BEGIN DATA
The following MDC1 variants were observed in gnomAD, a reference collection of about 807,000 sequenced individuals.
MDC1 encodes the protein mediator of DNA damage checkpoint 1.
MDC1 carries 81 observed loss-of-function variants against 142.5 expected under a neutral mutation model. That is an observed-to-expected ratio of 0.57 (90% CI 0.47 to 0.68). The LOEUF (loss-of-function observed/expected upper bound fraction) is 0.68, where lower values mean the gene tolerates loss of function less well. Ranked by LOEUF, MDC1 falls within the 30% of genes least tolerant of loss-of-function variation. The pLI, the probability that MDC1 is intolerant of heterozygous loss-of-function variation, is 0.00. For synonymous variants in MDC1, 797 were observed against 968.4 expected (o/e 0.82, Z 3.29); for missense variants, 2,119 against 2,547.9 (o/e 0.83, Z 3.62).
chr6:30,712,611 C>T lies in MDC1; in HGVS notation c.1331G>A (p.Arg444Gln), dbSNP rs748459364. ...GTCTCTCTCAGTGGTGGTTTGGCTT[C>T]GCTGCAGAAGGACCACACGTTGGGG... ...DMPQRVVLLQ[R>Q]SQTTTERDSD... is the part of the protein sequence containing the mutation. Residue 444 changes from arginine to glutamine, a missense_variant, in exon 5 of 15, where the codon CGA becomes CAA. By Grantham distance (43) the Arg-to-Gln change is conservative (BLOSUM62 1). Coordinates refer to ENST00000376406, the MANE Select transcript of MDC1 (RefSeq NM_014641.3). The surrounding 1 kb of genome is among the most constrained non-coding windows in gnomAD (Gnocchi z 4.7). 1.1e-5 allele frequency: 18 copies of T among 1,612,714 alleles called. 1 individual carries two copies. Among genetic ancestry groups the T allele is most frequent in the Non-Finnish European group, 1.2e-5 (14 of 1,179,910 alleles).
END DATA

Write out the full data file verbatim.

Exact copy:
The following MDC1 variants were observed in gnomAD, a reference collection of about 807,000 sequenced individuals.
MDC1 encodes the protein mediator of DNA damage checkpoint 1.
MDC1 carries 81 observed loss-of-function variants against 142.5 expected under a neutral mutation model. That is an observed-to-expected ratio of 0.57 (90% CI 0.47 to 0.68). The LOEUF (loss-of-function observed/expected upper bound fraction) is 0.68, where lower values mean the gene tolerates loss of function less well. Ranked by LOEUF, MDC1 falls within the 30% of genes least tolerant of loss-of-function variation. The pLI, the probability that MDC1 is intolerant of heterozygous loss-of-function variation, is 0.00. For synonymous variants in MDC1, 797 were observed against 968.4 expected (o/e 0.82, Z 3.29); for missense variants, 2,119 against 2,547.9 (o/e 0.83, Z 3.62).
chr6:30,712,611 C>T lies in MDC1; in HGVS notation c.1331G>A (p.Arg444Gln), dbSNP rs748459364. ...GTCTCTCTCAGTGGTGGTTTGGCTT[C>T]GCTGCAGAAGGACCACACGTTGGGG... ...DMPQRVVLLQ[R>Q]SQTTTERDSD... is the part of the protein sequence containing the mutation. Residue 444 changes from arginine to glutamine, a missense_variant, in exon 5 of 15, where the codon CGA becomes CAA. By Grantham distance (43) the Arg-to-Gln change is conservative (BLOSUM62 1). Coordinates refer to ENST00000376406, the MANE Select transcript of MDC1 (RefSeq NM_014641.3). The surrounding 1 kb of genome is among the most constrained non-coding windows in gnomAD (Gnocchi z 4.7). 1.1e-5 allele frequency: 18 copies of T among 1,612,714 alleles called. 1 individual carries two copies. Among genetic ancestry groups the T allele is most frequent in the Non-Finnish European group, 1.2e-5 (14 of 1,179,910 alleles).